Here is a bit of info: how to do a review https://budgetlightforum.com/t/-/20189
I would say just do what feels natural and find your own style. Don’t try to fit the mold of the reviews you see. It’s your time— say what you want to say, not what you think everyone wants to hear.
I’d say just be yourself and try to make it technically informative but sound like you’re describing it to some of your mates that share the same interest as you. In effect that’s what you’ll be doing anyway. :bigsmile:
Reviews probably have different goals. So maybe decide first why you want to do a review. For showing that it's a great edc light? Focus on that.
It's a great thrower? Focus on that.
Sharing your impressions?
I would still suggest to make a (short) list or template and work through that.
I don't know how much time you have on hands, but a template considerably helps. It will save you a lot of time. From my own experience I would look at a review you liked, and use that as a template. THEN from there you can make your own style. You don't need to rediscover every detail in a review that has been done before.
Even if you start with your own style, I'm 100% sure you are still copying ideas from other reviewers, by memory ;)
I say you should include things in your flashlight review such as brand name, manufacturer, pictures of the flashlight, power source, beam shot images, the internal parts, and the flashlight’s special features.
It varies according to the power of the light and the distance of your target. Ideally you want to reproduce what your eye sees in terms of brightness. Manual settings are very helpful. A camera without them will likely not produce good results. I would use full auto and note the exposure values that the camera chose. Then switch to manual adjust shutter speed, ISO, f-stop as needed to reproduce what your eyes see. If you’re trying to show the tint of an emitter it an get tricky. You will likely need to select a particular white balance setting to get the best results.
I make a list of the points I want to cover and then write and edit in a plain text editor because I don’t like what MS Word does.
I don’t think caliper pics are necessary unless someone is disputing your measurements, which is unlikely. I actually had that happen to me though.
Everyone will differ somewhat on that last question. I think you should cover anything you think is notable or interesting (good and bad) about the item reviewed. If it’s a host you think is moddable then pics of the internals are good to have. If it’s a powerhouse (or not) you might want to do some basic measurements like tailcap current. If it’s a thrower some candela numbers are good to have. If you are technically inclined and have the equipment, all of these and more are appreciated. But it’s your review, so ultimately it is your opinions that we’re most interested in.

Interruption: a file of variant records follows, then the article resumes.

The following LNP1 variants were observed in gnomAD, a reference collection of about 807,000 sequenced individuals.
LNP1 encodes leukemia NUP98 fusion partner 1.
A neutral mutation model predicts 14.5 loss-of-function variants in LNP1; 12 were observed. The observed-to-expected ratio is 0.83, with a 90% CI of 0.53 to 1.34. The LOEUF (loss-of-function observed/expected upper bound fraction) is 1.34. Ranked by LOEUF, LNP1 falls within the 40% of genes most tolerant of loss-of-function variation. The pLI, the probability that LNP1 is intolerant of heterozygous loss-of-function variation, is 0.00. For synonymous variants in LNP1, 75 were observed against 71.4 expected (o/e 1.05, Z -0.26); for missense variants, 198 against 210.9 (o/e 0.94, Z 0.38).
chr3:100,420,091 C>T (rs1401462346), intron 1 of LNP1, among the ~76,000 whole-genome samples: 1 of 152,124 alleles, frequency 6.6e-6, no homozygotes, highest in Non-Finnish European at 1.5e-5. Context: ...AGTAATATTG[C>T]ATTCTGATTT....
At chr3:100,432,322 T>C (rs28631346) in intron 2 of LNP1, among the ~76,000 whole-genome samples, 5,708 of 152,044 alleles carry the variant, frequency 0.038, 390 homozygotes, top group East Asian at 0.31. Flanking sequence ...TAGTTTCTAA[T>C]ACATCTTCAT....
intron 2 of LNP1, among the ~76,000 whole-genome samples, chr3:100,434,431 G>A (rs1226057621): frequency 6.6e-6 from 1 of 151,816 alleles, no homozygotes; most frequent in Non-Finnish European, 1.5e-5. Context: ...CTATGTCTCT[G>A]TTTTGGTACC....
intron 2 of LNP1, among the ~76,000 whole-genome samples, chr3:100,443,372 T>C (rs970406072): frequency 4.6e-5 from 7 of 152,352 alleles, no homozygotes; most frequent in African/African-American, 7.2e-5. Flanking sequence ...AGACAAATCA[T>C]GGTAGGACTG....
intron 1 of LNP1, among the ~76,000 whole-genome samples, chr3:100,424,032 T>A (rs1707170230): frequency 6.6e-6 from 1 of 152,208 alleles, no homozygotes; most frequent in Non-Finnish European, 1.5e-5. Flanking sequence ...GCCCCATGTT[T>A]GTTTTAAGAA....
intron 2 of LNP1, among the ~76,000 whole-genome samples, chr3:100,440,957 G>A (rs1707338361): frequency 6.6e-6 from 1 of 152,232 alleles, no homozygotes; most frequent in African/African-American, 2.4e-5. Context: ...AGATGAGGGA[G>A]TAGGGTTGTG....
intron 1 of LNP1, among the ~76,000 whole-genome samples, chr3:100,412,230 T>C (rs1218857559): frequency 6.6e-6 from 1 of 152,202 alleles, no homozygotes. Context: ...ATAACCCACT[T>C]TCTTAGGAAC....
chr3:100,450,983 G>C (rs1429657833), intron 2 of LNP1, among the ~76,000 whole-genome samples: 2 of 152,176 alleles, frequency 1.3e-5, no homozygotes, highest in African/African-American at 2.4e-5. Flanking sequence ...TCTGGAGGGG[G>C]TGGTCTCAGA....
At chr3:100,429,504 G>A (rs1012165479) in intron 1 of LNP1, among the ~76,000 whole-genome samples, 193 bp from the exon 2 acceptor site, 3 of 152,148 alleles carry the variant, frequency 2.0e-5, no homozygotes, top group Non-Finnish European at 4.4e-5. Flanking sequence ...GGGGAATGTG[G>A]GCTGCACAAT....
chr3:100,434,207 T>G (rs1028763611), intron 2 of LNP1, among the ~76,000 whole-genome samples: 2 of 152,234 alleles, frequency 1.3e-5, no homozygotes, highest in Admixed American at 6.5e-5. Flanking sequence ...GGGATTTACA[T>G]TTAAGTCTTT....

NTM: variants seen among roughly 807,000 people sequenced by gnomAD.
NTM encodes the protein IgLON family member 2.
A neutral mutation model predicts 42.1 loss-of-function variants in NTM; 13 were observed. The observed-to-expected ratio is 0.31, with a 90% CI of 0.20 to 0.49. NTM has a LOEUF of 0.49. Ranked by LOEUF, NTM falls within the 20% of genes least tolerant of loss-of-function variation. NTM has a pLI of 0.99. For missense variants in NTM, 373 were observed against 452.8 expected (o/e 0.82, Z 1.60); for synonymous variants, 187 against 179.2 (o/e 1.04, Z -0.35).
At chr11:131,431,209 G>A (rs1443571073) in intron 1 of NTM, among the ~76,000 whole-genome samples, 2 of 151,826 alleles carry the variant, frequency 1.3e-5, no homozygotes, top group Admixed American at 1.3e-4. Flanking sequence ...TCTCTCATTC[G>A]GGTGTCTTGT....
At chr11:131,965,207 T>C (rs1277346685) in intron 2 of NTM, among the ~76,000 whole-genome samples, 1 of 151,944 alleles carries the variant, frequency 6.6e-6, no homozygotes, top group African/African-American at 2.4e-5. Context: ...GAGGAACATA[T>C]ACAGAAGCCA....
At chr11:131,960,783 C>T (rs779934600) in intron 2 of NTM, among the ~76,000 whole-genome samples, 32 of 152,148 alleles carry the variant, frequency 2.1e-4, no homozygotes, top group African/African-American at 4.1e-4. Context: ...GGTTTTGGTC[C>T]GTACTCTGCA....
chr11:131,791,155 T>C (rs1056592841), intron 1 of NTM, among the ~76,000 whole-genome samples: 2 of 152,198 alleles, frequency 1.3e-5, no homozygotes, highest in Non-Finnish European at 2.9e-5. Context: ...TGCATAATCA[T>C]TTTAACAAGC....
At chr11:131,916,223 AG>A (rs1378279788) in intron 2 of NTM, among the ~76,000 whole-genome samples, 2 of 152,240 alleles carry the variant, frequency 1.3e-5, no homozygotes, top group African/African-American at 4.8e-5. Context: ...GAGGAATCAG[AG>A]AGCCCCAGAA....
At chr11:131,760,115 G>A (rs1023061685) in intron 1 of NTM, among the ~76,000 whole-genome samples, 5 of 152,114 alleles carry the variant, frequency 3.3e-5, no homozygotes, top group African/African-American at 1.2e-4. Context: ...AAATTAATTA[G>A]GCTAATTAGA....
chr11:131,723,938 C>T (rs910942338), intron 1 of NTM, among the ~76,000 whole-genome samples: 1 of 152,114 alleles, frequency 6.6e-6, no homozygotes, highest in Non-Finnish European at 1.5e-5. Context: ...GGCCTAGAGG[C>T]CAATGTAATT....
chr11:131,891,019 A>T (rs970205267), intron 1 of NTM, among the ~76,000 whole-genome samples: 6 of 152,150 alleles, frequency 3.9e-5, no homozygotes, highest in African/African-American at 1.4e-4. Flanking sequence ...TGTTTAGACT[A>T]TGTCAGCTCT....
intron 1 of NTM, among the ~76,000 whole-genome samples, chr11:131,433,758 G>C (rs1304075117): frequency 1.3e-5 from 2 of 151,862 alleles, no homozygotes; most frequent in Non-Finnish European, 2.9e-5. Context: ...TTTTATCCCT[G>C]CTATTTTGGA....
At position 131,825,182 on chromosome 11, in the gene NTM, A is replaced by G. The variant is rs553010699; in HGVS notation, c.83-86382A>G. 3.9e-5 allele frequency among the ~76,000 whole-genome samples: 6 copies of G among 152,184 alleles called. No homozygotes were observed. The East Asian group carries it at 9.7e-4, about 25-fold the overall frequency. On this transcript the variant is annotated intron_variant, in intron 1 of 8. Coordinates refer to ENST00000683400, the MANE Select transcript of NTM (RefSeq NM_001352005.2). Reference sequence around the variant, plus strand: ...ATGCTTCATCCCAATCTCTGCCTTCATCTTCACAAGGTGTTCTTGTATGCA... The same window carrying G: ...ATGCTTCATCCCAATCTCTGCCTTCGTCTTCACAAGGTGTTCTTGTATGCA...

Objectively, candela, lumens, power wattage consumption are three important things to cover.
And subjectively your views on the quality, UI and robustness of the flashlight are important too.
outdoor beamshots definitely will help, comparison with other lights even better appreciated :bigsmile:
Thanks…y’all have given me some things to think about.
Unfortunately, I do not have much as far as instrumentation…just a cheap wallyworld analog multimeter…so my review will not be very tech/numbers/graph oriented.
Size comparison photos are nice. A shot in your hand and shots with other common lights are good. The most important thing with pics is to try and get them representative of what you actually saw. Be sure to state that or state if they are brighter or dimmer. Tailcap currents are required! But state if you feel your meter is accurate or not (or state your using thin leads) and the voltage of the battery(ies).
This is the cheapo mm I have…does it even have the right settings to take a tailcap measurement?
Your meter cannot measure high current levels (well, higher than 250mA) so better to use it to measure voltage drop than try tailcap current readings. I generally don’t find this data that useful but we all like different things in reviews. So I suggest write what you would like to see and find useful.
If you don’t use an external editor to write it, do copy the entire review to clipboard in case a problem occurs when you press “save” to prevent losing your review.
You don't have to spend much to get a meter that will measure decent tailcap currents. All kinds of threads on meters.
Look for a DMM with something that can handle 10a or 20a unfused. This is the one I purchased.
Look at a review of mine. I list, on the pics, what settings I used.
I personally don`t like to pre-write the text in Word.. but I still do it.
The reason why I do, it saves me time to finish it all up before posting.
The reason why I don`t like it.. is different fonts..
Every time when I do a review, the fonts keep changing on me.. really annoying.
When I copy and paste the text from my OpenOffice Writer, the text appears in a different font from the custom BLF font.
But sometimes bringing it back to the same font as the rest (I use randomly choose a font for the whole text)
the size sometimes is still different etc..etc..
I do my reviews in Word and paste in BLF editor and I don't have any issues with the font.
There are fella’s who do theirs in depth with pain staking asessments. I really do appreciate their time & effort. They do amazing work. Myself, I like to keep things super simple for the layman. Lets face it…. Most of we lumenatics look at a light & know instantly if we like it.
Maybe add comparisons to a few other common lights that are similar in size, style, output, so that others might have a reference.